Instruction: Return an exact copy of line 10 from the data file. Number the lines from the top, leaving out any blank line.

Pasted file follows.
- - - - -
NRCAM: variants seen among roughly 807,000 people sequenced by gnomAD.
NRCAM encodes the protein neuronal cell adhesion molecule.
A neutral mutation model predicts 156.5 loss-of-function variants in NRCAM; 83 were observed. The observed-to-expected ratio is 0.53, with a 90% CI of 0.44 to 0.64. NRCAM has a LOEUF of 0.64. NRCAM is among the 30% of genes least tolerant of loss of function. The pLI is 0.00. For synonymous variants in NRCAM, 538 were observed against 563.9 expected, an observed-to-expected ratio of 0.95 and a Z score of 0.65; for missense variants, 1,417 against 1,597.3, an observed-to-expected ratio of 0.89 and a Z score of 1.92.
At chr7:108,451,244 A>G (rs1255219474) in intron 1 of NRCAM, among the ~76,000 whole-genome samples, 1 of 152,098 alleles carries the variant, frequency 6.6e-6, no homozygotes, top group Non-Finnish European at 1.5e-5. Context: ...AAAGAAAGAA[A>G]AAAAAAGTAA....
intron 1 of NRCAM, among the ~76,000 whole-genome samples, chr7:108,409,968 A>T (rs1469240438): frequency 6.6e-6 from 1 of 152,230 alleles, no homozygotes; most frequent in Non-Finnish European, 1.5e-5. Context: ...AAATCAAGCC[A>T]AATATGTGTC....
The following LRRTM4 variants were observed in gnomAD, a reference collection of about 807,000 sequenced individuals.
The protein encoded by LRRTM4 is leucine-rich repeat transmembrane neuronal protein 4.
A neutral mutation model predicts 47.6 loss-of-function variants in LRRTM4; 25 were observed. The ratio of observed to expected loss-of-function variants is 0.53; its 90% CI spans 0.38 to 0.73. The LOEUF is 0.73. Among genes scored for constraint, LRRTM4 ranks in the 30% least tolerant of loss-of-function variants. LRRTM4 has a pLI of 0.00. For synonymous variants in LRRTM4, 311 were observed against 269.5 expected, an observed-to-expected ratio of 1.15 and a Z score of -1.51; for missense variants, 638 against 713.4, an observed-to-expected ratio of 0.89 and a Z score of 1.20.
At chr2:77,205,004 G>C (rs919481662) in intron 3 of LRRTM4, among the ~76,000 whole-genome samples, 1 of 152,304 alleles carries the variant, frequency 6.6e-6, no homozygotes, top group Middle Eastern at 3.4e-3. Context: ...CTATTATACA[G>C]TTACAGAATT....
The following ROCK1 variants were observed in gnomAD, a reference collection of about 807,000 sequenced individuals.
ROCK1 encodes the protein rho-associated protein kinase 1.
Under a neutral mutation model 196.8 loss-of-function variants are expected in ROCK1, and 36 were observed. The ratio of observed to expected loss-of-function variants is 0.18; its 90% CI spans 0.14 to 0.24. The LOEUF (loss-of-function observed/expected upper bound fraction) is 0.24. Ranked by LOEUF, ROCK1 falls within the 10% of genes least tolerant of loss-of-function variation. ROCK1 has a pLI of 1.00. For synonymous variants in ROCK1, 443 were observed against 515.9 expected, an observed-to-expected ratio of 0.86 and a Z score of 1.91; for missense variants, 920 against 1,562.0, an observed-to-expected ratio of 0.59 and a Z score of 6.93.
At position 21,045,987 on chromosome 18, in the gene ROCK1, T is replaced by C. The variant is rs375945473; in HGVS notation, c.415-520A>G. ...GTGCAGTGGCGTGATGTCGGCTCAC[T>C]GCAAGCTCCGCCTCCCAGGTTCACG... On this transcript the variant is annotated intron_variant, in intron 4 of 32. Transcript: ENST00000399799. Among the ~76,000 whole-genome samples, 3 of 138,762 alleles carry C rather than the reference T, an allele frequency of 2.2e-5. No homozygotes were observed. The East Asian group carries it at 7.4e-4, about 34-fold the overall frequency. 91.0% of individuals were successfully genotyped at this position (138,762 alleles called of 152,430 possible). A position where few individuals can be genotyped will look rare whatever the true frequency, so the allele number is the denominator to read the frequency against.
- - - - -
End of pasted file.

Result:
The following ROCK1 variants were observed in gnomAD, a reference collection of about 807,000 sequenced individuals.